Escape room companies host a variety of player types: corporate team-building outings, birthday parties, families, bachelorette parties, competitive puzzle people, and fantasy role-playing nerds, to name a few.
Recently, however, I’ve noticed a clear trend emerging. Escape room companies across the country seem to be experiencing it. Kids are getting into escape rooms, big time.
Kids’ birthday parties, teen outings, kids urging their parents to take them to an escape room. Kids, kids, kids. They’ve become a non-trivial customer group. The reactions I am hearing from owners range from extreme gratitude for the revenue, to disappointment with an audience that doesn’t get their themes, stories, and puzzles, to mild disgust with the destructive tendencies of unsupervised younger players.
Editor’s note: David Spira, co-creator of this website, was involved early on as a production consultant on the pilot episode for Create The Escape. He was not involved in the writing or editing of this review.
Create The Escape is a series on the Peacock network in which professional designers work with kids to plan and build a room for their parents to complete. Each half-hour episode consists of a creation segment and a playthrough segment. The creation segment focuses on set construction and puzzle prototyping, allowing the kids to contribute to the process. The playthrough segment reveals how all of the details come together and then follows the parents as they attempt to escape the room. Some of the kids watch the parents from a Control Room and deliver hints, while the others participate in jump scares and controlled set interactions. If the parents complete the room in under 30 minutes, they win a trophy and a mysterious prize box. Otherwise, the kids win these items.
A basic Google doc contains more than 110 links to articles, books, and blog posts from many different authors. These cover everything from general game design to escape room tech, hinting, and playtesting. The breadth and depth of relevant information all in one place is really remarkable. This is a valuable resource that more people need to know about.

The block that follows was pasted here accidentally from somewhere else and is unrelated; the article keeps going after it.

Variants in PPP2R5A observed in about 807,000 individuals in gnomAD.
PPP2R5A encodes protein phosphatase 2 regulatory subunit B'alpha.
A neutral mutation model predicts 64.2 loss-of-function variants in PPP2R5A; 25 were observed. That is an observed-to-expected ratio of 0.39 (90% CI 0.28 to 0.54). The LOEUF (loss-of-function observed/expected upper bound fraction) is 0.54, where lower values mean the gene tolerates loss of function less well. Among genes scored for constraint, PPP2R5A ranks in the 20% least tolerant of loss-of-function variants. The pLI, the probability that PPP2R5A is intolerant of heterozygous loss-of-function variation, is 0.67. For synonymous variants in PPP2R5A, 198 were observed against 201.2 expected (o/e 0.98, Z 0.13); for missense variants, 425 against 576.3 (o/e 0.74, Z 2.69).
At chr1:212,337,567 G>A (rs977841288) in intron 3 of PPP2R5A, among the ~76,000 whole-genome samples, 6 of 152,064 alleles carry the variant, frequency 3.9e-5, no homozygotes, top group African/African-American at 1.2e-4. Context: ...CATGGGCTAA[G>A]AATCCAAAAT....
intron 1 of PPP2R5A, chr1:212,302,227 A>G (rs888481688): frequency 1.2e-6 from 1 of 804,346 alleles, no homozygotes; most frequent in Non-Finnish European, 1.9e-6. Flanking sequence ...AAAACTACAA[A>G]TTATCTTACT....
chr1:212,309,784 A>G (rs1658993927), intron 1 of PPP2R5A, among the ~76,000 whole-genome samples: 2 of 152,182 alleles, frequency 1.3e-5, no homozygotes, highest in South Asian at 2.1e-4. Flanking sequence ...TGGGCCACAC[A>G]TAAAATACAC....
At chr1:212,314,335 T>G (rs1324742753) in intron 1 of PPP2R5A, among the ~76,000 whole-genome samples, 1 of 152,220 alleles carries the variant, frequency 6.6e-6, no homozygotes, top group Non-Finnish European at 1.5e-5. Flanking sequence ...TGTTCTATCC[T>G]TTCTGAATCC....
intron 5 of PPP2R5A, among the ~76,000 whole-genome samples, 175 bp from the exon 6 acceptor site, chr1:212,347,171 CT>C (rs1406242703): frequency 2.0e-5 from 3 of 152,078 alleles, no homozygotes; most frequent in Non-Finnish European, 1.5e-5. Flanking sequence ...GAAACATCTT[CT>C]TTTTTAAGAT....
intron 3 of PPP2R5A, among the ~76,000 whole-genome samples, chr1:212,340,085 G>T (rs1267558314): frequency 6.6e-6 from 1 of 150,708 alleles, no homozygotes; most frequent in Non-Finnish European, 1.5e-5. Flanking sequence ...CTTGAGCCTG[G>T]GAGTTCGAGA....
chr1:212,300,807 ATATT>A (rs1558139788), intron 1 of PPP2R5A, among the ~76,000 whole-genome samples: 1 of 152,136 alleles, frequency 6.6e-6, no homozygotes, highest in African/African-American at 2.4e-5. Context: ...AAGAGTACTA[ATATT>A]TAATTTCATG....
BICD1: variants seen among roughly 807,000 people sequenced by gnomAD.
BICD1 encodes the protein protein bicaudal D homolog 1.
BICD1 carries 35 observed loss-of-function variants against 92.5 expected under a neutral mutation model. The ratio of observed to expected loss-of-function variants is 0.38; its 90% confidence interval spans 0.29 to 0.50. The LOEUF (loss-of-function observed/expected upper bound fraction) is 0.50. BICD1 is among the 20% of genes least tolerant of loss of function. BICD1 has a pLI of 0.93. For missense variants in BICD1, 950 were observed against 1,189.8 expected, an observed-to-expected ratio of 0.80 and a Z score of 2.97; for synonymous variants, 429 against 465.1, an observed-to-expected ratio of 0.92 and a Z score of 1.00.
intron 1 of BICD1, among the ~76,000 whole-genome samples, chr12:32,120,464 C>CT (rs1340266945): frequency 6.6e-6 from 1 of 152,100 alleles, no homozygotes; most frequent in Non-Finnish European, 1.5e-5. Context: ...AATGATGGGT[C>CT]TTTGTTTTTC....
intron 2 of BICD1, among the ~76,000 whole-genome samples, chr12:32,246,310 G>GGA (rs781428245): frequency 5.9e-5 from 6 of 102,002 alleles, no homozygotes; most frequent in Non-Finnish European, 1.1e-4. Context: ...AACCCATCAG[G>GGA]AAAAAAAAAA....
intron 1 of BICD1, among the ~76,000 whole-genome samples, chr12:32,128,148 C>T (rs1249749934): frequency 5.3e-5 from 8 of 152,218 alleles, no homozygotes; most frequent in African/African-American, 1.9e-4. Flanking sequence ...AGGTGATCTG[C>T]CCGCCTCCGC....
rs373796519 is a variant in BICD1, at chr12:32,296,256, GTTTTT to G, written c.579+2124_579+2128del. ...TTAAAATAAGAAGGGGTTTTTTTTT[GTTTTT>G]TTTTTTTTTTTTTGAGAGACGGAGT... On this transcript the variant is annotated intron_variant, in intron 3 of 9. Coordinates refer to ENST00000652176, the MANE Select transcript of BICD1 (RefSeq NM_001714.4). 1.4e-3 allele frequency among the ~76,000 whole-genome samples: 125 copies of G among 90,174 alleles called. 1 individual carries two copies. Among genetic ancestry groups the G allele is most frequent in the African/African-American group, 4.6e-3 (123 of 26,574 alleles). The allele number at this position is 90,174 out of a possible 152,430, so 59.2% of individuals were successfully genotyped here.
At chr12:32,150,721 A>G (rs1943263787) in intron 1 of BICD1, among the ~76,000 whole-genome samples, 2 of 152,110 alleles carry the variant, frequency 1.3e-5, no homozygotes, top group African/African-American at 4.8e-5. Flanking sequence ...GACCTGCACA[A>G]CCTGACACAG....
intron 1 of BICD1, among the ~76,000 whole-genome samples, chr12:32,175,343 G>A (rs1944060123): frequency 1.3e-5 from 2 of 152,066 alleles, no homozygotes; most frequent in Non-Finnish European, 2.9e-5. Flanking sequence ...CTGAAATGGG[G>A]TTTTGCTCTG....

There is something for escape room designers of all levels. Some of the sections include:
Editor’s Note: REA writer Sarah Willson tells us about the new event she’s organizing for puzzle creators… and those curious about creating puzzles.
Next month, we’ll celebrate the inauguration of EnigMarch, a 31-day puzzle design challenge that will hopefully become an annual tradition in the puzzling community.
It all began on January 1, when I decided that one of my goals for 2022 would be to improve my puzzle design skills. And what better way to do that than a month-long gauntlet of daily challenges? After I started asking around about the existence of such an event, a group of enthusiastic puzzlers got together and decided to create one ourselves. EnigMarch was born.
How It Works
Every day in March (technically, the night before at 8pm ET), we’ll release a new prompt on social media and enigmarch.com, to be used as inspiration for any type of puzzle you like. Once you’ve created a puzzle, you can post it with the hashtag #enigmarch to share it with the world.
The purpose of the daily prompts is to provide the structure and motivation to create a puzzle every day and emerge stronger and wiser on March 31. Some people may prefer to choose only certain prompts or take more than one day to create their puzzles, and that’s fine too. Whether or not you want to participate as a designer, you can check out the #enigmarch hashtag and see all the different interpretations of each day’s prompt. Some of the fun of EnigMarch will undoubtedly be seeing people’s experimental ideas and the seeds of future puzzle masterpieces.
How to Get Involved
In preparation for the main event, we’ve assembled some resources, inspiration, and secret bonus content on enigmarch.com. Whether you’re already a seasoned constructor or you’ve never tried to write a puzzle in your life, we’re hoping EnigMarch will help you build your design skills and confidence in your creations.
My favorite thing about EnigMarch is that it’s really just intended to help people increase their puzzle-writing prowess and have fun doing it. There’s no agenda except to celebrate a love of puzzles and share them with the community.
If you decide to participate, we’d love to see what you come up with!